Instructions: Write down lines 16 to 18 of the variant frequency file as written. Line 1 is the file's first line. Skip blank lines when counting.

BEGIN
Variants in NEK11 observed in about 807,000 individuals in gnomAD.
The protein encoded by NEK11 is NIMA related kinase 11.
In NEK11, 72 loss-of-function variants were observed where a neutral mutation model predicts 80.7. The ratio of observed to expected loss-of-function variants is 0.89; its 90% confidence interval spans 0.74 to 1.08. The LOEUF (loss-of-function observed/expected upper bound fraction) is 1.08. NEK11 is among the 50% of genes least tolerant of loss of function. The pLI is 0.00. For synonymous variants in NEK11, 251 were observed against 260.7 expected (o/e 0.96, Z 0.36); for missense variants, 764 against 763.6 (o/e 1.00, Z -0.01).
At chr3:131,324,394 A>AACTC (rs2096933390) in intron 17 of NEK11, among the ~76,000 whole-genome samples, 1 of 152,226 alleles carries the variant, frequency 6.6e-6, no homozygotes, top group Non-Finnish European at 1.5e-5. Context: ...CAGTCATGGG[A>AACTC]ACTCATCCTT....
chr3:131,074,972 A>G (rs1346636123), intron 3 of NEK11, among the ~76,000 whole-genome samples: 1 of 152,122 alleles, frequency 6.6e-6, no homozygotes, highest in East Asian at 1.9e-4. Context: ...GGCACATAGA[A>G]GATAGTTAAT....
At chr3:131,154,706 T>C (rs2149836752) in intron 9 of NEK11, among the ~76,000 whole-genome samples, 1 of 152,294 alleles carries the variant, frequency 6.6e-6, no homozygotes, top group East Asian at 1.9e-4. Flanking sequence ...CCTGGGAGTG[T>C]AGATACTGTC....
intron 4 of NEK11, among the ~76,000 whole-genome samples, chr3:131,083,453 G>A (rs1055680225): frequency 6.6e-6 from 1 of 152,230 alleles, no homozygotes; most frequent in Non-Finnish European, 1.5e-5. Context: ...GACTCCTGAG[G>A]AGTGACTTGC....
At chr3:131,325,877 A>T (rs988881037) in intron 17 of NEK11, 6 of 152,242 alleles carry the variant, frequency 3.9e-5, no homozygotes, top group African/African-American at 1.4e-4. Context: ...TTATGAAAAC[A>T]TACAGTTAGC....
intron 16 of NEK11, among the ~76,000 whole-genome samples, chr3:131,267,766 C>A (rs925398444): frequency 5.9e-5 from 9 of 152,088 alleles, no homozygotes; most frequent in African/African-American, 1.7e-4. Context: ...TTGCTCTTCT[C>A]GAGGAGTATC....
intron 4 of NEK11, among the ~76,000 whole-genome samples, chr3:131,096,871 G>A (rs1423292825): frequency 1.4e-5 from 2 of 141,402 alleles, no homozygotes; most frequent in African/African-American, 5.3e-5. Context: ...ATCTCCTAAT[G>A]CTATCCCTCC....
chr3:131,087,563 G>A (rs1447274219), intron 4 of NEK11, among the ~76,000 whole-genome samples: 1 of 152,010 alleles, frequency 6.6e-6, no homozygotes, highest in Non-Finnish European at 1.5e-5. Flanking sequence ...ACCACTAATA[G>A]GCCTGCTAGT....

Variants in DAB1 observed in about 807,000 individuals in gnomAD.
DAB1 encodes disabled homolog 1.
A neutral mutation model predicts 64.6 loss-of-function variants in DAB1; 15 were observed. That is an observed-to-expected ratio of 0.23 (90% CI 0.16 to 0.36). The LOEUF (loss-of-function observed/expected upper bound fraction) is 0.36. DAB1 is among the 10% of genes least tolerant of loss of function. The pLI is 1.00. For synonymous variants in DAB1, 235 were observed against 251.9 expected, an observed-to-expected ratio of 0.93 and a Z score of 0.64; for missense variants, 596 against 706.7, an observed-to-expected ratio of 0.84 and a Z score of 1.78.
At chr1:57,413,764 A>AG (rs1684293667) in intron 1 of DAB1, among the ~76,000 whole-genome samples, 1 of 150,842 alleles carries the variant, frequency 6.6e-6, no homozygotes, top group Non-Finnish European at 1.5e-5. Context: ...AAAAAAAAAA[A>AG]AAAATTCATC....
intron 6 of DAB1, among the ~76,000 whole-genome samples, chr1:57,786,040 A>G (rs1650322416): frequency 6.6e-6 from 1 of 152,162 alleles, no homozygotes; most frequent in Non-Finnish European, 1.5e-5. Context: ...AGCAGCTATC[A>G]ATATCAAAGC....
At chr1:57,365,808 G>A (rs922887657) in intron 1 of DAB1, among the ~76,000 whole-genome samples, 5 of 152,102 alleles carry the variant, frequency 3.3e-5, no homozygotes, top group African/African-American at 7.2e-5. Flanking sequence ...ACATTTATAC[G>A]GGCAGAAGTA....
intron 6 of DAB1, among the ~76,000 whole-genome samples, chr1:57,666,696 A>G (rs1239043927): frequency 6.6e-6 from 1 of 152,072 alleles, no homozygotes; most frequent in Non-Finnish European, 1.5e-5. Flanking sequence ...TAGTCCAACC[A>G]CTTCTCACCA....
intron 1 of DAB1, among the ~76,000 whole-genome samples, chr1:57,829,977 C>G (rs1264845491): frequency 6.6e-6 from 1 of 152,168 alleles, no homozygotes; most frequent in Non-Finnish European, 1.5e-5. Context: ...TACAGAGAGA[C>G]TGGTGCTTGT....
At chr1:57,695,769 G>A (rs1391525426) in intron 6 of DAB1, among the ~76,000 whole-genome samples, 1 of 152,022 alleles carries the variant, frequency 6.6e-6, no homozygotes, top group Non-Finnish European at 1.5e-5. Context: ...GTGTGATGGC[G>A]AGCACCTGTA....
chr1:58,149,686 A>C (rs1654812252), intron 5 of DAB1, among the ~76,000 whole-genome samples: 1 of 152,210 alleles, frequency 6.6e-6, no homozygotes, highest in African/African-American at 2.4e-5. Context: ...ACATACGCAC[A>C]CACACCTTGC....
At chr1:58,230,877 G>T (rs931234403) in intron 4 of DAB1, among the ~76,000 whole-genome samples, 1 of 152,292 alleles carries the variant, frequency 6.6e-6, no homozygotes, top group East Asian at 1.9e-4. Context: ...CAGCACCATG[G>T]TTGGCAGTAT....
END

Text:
intron 6 of DAB1, among the ~76,000 whole-genome samples, chr1:57,786,040 A>G (rs1650322416): frequency 6.6e-6 from 1 of 152,162 alleles, no homozygotes; most frequent in Non-Finnish European, 1.5e-5. Context: ...AGCAGCTATC[A>G]ATATCAAAGC....
At chr1:57,365,808 G>A (rs922887657) in intron 1 of DAB1, among the ~76,000 whole-genome samples, 5 of 152,102 alleles carry the variant, frequency 3.3e-5, no homozygotes, top group African/African-American at 7.2e-5. Flanking sequence ...ACATTTATAC[G>A]GGCAGAAGTA....
intron 6 of DAB1, among the ~76,000 whole-genome samples, chr1:57,666,696 A>G (rs1239043927): frequency 6.6e-6 from 1 of 152,072 alleles, no homozygotes; most frequent in Non-Finnish European, 1.5e-5. Flanking sequence ...TAGTCCAACC[A>G]CTTCTCACCA....